Local Houston officials are also actively influencing the aviation industry. Annise Parker, the executive officer of Houston, and local budgetary officials focus aviation efforts on Houston’s “Aviation Fund”, which seeks to establish Houston as the standard of air transport in the country. The fund also seeks to satisfy employment goals and operational revenues that reinforce Houston’s devotion to keeping Texas flying. For 2012, over $431 million dollars will go to Houston’s aviation fund.
Levels of Influence Across the Board
How does Houston’s local aviation system relate to other states’ aviation industry? At the federal level, Congress will continually influence aviation and air transport in terms of budgetary constraints. This includes corporate tax rules that often directly influence how much money aviation corporations can spend on research, development, and employment. Finally, Congressional legislation affecting export control and competition also broadly impact large corporations involved with manufacturing.
As an aviation professional, the best way to influence Congressional and federal decisions surrounding aviation is to become involved with AIA and stay current on how your Congressman or woman views aviation- regardless of where you live and vote.
At the state level, aviation professionals see the most direct impact on their industry, especially when it comes to science and technology funding. State governments can actively engage the aviation industry by devoting resources to interacting with federal decision makers to lobby and educate them on aviation issues. State governments can also devote resources to universities and research funds to improve the knowledge base of aviation professionals and future aerospace workers.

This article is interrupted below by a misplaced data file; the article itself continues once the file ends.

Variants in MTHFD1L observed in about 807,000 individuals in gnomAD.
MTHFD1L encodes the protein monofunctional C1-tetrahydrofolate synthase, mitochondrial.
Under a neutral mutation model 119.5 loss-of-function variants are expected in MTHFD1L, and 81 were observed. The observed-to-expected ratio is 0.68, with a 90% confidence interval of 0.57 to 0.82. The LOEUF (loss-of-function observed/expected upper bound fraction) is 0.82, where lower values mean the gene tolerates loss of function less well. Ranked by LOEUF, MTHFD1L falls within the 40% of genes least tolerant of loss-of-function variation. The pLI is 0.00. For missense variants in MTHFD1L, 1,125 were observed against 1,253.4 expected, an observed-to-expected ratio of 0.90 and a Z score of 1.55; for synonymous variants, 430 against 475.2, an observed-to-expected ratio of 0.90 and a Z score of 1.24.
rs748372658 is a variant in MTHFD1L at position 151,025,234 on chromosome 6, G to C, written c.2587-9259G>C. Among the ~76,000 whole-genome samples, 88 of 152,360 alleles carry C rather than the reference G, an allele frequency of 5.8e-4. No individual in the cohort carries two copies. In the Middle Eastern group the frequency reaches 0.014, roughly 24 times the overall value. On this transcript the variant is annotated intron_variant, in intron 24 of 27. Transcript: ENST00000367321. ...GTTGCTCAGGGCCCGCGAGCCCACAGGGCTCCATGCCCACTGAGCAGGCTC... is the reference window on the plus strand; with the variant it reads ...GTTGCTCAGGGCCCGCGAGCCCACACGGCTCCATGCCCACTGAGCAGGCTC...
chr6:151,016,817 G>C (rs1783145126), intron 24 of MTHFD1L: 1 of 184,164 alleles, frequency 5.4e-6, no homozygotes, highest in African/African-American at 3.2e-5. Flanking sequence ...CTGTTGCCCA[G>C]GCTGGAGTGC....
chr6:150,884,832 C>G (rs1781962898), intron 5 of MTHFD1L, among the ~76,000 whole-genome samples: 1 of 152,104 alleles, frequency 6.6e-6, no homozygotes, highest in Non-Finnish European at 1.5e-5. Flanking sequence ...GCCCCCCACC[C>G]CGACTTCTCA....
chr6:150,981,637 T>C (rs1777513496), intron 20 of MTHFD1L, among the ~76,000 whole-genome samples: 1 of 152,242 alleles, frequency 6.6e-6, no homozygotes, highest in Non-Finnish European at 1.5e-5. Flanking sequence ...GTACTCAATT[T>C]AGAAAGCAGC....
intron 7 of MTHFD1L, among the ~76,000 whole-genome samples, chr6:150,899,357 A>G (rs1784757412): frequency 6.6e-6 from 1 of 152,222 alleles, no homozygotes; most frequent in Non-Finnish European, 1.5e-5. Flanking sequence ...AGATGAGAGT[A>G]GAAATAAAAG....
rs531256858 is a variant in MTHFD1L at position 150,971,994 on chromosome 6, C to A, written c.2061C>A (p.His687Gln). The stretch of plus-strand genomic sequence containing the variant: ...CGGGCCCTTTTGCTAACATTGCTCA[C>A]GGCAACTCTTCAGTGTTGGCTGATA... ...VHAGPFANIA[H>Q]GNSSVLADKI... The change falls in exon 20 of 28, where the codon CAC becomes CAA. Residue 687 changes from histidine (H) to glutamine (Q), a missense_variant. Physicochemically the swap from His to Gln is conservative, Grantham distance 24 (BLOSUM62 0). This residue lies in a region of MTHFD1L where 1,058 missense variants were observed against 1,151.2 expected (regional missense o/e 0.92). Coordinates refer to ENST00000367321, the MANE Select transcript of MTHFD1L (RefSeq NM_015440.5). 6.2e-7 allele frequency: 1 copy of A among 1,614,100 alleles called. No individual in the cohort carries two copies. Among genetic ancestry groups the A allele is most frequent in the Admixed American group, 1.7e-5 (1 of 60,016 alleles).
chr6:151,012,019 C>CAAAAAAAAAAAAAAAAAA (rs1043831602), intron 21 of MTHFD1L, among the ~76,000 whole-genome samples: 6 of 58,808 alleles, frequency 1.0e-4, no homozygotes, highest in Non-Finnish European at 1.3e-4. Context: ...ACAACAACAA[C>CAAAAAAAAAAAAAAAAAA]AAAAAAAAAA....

Local governments affect aviation at a very localized level, usually in a city of township. Local governments typically affect aviation by establishing industry standards for local airports and manufacturing bases. They can also set standards for employment practices and goals, which often help local companies to attract new workers and provide incentives for aviation professionals.
Keeping Aerospace/Aviation Alive
Despite federal cuts and beneficial tax program ends, state and local governments often have the most impact on smaller scale aviation industries. While aviation is a global player, the quality of life for engineers, pilots, and manufacturers often boils down to state and local influences which seek to further the aviation industry right at home.
The opportunities for would-be aerospace professionals and blossoming aviation engineers are limitless. As Michaela Platzer of the Congressional Research Service organization points out, the industry is having a hard time replacing the retired knowledge base in aviation, simply because of competition from non-aviation fields for qualified engineers. While this trend is disturbing to more seasoned professionals, to new highly qualified aviation graduates, this means opportunities abound for those who want a career of flight.
In the Houston area, the typical engineer is likely in their 40s and makes over $60,000 a year- well above the national average. Houston’s robust aviation industry also draws professionals because of job security- if someone gets laid off, all they have to do is apply “down the street”, and they will likely find another job. Texas’ devotion to keeping aviation alive in the state where it was born is a model for other states to enhance and develop their aviation industry.